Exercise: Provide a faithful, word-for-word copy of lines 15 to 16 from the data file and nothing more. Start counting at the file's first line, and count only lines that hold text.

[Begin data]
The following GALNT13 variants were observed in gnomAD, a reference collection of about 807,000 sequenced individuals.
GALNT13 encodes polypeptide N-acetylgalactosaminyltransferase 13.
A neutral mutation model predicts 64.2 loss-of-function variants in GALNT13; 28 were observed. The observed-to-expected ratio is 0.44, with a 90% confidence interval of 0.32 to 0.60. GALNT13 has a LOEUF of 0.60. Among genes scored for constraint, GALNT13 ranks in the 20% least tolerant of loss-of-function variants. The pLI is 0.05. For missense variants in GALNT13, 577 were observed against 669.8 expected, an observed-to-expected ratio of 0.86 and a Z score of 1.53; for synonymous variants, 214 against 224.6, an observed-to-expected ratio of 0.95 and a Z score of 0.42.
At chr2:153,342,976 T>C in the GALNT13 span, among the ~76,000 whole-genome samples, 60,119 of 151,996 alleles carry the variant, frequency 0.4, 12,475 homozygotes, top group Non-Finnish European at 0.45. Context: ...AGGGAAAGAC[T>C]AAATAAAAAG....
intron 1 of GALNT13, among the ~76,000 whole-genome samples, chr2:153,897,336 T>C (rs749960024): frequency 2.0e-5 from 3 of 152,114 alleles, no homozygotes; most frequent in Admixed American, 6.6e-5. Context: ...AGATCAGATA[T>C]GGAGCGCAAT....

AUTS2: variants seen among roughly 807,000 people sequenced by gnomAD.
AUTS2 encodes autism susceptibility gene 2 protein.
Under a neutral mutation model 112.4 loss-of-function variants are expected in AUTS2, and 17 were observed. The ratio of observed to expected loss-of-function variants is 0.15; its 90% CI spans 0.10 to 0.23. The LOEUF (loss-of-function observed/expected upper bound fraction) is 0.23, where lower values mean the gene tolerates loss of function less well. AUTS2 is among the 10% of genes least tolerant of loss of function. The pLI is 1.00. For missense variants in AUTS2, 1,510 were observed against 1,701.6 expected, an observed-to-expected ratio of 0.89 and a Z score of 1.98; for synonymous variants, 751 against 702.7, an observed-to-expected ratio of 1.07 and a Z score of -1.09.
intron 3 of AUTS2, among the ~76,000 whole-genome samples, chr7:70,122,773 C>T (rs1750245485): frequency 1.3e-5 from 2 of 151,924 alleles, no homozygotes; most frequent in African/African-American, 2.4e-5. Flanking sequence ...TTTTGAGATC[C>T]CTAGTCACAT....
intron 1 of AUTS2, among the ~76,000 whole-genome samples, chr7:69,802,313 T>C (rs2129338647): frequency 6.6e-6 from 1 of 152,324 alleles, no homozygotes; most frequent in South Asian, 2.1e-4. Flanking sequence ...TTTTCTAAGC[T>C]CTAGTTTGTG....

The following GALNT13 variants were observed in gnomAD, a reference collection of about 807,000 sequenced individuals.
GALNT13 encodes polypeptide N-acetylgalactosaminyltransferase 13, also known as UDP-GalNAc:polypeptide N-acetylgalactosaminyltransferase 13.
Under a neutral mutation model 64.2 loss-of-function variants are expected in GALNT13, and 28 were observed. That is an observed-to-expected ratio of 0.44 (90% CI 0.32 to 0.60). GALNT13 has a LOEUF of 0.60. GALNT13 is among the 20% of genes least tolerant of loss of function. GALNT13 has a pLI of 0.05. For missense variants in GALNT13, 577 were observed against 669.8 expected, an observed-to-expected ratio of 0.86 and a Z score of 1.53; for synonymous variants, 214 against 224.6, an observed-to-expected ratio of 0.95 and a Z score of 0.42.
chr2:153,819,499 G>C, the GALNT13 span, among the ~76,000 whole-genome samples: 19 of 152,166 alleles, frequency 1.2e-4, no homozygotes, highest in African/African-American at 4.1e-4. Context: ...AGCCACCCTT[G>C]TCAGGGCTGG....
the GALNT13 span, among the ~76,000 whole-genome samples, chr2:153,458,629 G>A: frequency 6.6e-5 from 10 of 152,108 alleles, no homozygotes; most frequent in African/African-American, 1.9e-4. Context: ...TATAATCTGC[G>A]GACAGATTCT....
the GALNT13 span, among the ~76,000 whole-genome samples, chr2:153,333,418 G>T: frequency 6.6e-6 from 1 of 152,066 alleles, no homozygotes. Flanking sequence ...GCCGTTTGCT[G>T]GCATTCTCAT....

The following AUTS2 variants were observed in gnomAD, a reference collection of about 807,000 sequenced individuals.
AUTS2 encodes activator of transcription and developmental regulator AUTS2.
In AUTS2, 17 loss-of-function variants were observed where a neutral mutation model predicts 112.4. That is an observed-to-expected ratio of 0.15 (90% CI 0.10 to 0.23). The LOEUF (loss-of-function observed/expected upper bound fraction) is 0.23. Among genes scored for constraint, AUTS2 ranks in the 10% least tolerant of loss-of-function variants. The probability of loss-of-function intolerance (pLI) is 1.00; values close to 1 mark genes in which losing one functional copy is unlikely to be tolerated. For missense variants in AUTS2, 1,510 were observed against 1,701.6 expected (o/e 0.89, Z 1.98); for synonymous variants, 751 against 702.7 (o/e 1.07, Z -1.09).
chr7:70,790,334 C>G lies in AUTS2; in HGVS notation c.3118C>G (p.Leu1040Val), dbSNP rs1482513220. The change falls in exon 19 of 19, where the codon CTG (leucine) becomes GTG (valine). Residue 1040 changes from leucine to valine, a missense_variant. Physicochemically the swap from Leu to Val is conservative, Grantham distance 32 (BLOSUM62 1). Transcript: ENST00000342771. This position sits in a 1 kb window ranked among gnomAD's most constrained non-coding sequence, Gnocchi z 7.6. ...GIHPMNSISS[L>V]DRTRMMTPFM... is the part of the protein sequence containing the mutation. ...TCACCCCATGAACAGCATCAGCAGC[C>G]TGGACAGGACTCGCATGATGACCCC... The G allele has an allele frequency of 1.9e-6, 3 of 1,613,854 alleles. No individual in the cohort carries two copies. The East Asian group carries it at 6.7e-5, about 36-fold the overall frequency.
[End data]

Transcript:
the GALNT13 span, among the ~76,000 whole-genome samples, chr2:153,458,629 G>A: frequency 6.6e-5 from 10 of 152,108 alleles, no homozygotes; most frequent in African/African-American, 1.9e-4. Context: ...TATAATCTGC[G>A]GACAGATTCT....
the GALNT13 span, among the ~76,000 whole-genome samples, chr2:153,333,418 G>T: frequency 6.6e-6 from 1 of 152,066 alleles, no homozygotes. Flanking sequence ...GCCGTTTGCT[G>T]GCATTCTCAT....